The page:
Following a two-day mission by AOPA medical certification specialists, hundreds of pilots received FAA notification that their applications for special issuance medical certificates have been approved. The AOPA specialists worked directly with the FAA's Aeromedical Certification Division in Oklahoma City to reduce the backlog of long-pending applications, some of which had been "misplaced" for nearly a year.
The Oklahoma City mission was mounted in response to more than 550 complaints from AOPA members whose special issuance applications had been in various stages of review for months without resolution.
"Our team found that, while a majority of the cases were serious enough to require complete review by the FAA, many were routine cases that could have been resolved by the aviation medical examiners themselves in consultation with FAA regional flight surgeons," said Gary Crump, AOPA director of medical certification.
The AOPA mission was able to clear out almost 90 percent of the older cases. Of the 550 pending case, 365 were favorably reviewed and certificates were issued, 70 applications were denied, and 50 required additional information before the review could be completed. The remainder had already been reviewed, but neither the FAA nor the members had informed AOPA.
AOPA Medical Certification specialists JoAnn Wilson and Ruby Zecher, both longtime members of the AOPA professional staff, conducted the Oklahoma City mission.
In an e-mail to Wilson, one grateful member said, "Thanks for all your help in getting my medical and sticking through this mess with me. I got the medical today at 3:15 p.m. and soloed at 5:15 p.m.... Will I sleep well tonight for a change! You are a real treasure."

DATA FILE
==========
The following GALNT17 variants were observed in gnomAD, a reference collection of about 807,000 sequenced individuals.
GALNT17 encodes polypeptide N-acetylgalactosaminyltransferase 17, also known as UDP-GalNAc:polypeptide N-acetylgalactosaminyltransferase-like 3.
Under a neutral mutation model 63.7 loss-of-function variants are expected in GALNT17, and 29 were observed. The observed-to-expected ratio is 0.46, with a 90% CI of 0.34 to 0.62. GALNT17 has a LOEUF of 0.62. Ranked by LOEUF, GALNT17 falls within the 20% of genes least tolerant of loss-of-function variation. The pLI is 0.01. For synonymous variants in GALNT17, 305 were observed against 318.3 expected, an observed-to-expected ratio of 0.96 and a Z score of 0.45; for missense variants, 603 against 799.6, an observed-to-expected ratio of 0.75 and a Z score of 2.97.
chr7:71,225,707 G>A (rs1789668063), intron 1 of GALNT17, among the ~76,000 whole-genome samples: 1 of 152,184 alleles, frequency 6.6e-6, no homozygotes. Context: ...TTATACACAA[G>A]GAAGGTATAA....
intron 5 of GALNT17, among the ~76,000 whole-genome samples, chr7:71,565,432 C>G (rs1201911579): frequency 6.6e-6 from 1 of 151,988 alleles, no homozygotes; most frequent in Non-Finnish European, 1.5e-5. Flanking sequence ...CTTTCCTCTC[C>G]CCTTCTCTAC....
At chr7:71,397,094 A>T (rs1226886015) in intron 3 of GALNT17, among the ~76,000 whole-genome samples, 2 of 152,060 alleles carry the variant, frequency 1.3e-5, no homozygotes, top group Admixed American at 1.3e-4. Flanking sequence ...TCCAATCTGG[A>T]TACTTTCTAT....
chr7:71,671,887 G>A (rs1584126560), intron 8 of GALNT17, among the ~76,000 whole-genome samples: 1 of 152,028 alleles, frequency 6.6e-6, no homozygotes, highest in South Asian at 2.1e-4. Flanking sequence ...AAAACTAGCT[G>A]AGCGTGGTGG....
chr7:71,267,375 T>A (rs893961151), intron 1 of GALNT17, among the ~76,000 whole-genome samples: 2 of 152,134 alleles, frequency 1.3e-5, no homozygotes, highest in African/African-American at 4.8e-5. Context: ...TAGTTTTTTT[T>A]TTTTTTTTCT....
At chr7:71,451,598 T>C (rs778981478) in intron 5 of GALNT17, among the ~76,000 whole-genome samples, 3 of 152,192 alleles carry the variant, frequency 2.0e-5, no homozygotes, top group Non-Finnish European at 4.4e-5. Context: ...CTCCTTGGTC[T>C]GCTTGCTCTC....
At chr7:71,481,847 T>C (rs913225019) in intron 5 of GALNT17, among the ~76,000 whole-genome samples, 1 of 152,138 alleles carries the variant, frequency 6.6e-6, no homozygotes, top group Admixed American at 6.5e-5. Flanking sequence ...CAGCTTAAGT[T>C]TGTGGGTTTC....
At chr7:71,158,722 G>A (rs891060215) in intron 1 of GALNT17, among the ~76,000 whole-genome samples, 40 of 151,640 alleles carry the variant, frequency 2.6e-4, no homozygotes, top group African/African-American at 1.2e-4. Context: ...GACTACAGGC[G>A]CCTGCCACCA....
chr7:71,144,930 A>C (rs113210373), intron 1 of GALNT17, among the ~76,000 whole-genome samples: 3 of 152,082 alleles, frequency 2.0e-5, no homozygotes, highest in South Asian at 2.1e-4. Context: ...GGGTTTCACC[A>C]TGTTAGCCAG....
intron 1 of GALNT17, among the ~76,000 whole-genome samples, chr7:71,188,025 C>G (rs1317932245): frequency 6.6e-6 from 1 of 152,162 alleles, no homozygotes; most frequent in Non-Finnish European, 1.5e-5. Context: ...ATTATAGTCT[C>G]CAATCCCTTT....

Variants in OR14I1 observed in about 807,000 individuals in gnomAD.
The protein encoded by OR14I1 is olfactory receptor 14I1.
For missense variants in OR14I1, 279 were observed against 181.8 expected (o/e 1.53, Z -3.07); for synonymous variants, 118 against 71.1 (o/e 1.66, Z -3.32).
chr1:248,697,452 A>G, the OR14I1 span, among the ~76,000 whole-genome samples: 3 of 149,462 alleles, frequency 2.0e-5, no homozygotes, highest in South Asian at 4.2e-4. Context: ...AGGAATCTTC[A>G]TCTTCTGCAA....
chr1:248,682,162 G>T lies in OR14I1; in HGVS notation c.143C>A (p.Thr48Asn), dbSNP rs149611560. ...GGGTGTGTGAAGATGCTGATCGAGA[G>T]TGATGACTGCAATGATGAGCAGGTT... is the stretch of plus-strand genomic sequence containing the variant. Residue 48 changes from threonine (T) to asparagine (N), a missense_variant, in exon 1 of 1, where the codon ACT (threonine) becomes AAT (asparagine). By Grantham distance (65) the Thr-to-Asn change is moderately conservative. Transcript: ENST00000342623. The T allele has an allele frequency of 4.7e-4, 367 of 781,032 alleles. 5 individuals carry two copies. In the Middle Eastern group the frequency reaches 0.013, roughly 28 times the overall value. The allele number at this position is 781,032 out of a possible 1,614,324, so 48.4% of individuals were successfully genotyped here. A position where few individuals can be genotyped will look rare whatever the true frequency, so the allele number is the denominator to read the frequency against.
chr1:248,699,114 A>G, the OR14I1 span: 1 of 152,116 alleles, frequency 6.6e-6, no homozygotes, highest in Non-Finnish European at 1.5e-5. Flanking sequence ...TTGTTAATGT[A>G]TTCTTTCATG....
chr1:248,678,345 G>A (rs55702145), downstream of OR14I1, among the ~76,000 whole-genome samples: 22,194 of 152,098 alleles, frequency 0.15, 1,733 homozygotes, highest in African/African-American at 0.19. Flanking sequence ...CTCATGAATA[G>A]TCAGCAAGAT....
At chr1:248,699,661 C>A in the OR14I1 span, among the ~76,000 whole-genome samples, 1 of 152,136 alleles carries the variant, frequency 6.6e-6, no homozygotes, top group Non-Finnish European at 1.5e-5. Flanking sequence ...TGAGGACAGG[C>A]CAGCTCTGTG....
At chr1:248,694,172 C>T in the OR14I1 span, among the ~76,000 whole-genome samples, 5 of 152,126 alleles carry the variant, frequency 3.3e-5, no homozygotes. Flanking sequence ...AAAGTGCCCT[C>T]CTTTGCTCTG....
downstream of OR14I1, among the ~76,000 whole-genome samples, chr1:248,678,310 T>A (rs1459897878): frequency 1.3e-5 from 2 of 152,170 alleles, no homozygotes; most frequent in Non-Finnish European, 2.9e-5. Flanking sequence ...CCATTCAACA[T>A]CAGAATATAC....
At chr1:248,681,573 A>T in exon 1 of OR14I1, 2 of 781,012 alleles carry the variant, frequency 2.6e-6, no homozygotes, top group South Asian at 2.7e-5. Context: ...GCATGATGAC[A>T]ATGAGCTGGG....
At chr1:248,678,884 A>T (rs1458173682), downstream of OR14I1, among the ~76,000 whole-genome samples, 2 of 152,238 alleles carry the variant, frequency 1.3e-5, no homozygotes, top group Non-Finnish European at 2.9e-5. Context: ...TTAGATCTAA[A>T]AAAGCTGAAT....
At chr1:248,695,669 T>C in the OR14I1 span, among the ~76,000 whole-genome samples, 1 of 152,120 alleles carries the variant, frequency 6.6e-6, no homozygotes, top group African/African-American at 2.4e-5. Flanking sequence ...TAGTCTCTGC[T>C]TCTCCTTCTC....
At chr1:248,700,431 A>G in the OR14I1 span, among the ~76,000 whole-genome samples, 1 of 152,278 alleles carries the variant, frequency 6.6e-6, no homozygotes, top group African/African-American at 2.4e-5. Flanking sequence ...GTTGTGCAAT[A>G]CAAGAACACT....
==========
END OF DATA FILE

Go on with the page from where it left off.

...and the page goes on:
Another member wrote AOPA President Phil Boyer, "Because of her persistence, thorough knowledge of the FARs, and fighting for 'what is right,' your Ruby Zecher in the Medical Certification Department pressed the FAA into renewing my medical certificate...a battle that has been all uphill for the past twelve weeks.... Her fighting spirit and follow-through with the FAA, both by telephone and then in person in Oklahoma City, are the only reasons I am still a current and certificated pilot today."
AOPA has published the Pilots' Guide to Medical Certification along with some 30 "medical subject reports" listing FAA certification guidelines on numerous medical conditions. The booklet and information sheets are available in the members-only section of AOPA Online.
AOPA members may contact the medical certification department through AOPA's toll-free Pilot Information Center at 800/USA-AOPA (800/872-2672).
The 360,000-member Aircraft Owners and Pilots Association, the world's largest pilot organization, works to make flying less expensive, more useful, safer, and more fun.
September 11, 2000